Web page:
Supplementary Information from Anthropogenic remediation of heavy metals selects against natural microbial remediation
2019-06-01T07:37:09Z (GMT) by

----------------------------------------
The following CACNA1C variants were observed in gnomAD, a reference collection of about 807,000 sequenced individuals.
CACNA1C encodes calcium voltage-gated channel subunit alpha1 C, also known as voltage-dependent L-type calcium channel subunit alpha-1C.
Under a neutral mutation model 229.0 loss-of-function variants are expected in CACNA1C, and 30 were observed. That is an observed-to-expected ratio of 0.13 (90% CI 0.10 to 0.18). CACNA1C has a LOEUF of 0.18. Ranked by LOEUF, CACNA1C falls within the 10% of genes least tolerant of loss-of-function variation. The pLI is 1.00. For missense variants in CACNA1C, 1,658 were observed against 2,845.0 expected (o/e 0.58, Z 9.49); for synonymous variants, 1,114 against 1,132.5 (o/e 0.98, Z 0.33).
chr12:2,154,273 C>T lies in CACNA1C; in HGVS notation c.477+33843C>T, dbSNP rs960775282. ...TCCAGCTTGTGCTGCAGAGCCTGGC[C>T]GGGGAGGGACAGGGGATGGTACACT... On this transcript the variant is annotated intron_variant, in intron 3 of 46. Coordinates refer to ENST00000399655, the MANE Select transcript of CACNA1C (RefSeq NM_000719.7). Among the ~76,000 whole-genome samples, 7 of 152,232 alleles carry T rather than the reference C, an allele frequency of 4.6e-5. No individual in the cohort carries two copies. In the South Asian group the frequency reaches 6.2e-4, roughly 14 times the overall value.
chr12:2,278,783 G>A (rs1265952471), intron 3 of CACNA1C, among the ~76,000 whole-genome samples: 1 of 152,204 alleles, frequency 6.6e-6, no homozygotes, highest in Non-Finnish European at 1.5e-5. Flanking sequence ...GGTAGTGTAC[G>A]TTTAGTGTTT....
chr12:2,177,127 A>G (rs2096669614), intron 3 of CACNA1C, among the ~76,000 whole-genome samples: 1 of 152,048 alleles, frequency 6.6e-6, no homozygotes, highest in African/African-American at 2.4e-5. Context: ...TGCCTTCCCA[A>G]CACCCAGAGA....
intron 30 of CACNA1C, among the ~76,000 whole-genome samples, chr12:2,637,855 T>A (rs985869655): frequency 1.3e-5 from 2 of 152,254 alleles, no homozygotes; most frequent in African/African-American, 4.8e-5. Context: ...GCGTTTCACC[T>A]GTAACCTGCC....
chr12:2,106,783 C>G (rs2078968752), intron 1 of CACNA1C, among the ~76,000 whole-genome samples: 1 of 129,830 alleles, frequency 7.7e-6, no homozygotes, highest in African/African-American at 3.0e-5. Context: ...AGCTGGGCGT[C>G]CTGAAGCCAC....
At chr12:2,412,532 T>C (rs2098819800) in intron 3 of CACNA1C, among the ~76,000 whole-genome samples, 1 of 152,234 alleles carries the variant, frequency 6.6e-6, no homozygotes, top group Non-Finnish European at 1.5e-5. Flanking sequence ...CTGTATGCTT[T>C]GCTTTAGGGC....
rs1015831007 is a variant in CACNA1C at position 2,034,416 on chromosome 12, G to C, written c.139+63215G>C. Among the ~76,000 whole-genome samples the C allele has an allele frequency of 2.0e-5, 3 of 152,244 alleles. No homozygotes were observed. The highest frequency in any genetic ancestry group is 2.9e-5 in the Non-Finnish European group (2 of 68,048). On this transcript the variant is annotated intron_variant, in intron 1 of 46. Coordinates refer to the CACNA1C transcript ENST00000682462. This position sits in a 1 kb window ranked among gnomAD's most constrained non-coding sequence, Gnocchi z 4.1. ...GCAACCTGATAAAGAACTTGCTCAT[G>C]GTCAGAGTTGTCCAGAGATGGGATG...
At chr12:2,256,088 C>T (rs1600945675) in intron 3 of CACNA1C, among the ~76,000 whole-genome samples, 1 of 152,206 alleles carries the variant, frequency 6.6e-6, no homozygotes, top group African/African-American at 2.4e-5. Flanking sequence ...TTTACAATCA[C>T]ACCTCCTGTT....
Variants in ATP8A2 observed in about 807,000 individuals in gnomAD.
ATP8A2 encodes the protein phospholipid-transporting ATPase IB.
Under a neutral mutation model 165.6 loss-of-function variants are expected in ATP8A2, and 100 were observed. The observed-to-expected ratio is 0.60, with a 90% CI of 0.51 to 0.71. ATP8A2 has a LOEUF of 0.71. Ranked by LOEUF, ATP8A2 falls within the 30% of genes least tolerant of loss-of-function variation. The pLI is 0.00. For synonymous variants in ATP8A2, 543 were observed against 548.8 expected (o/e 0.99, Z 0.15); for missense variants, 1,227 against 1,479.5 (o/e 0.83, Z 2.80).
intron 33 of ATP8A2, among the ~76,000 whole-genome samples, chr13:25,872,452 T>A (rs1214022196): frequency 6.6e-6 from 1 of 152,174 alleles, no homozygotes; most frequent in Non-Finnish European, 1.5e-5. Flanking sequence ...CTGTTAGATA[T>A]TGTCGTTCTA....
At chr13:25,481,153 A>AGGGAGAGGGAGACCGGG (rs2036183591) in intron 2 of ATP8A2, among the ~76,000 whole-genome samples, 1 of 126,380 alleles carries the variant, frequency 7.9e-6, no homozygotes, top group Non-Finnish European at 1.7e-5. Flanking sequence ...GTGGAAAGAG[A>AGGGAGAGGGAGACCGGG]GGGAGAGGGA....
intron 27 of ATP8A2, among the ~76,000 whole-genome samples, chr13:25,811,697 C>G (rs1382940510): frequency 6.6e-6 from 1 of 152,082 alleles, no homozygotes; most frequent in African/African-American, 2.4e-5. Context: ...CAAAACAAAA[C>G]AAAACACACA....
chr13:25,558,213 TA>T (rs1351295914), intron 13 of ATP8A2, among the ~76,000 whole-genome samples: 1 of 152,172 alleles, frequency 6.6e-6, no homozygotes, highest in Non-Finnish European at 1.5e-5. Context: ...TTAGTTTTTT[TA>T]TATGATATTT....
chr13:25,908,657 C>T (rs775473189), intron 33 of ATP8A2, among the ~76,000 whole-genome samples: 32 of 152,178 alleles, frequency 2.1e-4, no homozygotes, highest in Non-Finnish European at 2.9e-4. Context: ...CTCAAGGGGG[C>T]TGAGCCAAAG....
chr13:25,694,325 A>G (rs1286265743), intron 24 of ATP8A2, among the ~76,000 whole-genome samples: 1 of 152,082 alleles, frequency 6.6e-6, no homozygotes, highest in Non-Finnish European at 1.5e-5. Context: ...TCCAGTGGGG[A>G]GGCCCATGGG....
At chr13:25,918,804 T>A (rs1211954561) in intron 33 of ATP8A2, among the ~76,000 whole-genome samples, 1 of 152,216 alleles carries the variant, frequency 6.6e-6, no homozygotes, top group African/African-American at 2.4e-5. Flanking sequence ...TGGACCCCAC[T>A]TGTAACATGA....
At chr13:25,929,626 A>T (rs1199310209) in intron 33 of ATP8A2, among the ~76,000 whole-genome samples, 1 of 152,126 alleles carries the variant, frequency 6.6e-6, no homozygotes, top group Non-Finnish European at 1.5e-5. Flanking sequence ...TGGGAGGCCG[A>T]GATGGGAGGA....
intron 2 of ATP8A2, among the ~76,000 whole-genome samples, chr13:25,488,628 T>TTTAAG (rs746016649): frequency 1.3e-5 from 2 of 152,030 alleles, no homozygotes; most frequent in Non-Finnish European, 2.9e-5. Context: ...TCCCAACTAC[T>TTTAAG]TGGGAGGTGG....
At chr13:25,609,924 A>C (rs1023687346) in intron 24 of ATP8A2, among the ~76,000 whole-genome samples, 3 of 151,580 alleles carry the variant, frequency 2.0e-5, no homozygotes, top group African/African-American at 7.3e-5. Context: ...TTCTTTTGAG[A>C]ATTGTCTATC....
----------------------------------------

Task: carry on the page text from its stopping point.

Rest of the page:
In an era of unprecedented environmental change, there have been increasing ecological and global public health concerns associated with exposure to anthropogenic pollutants. While there is a pressing need to remediate polluted ecosystems, human intervention might unwittingly oppose selection for natural detoxification, which is primarily carried out by microbes. We test this possibility in the context of a ubiquitous chemical remediation strategy aimed at targeting metal pollution: the addition of lime-containing materials. Here, we show that raising pH by liming decreased the availability of toxic metals in acidic mine-degraded soils, but as a consequence selected against microbial taxa that naturally remediate soil through the production of metal-binding siderophores. Our results therefore highlight the crucial need to consider the eco-evolutionary consequences of human environmental strategies on microbial ecosystem services and other traits.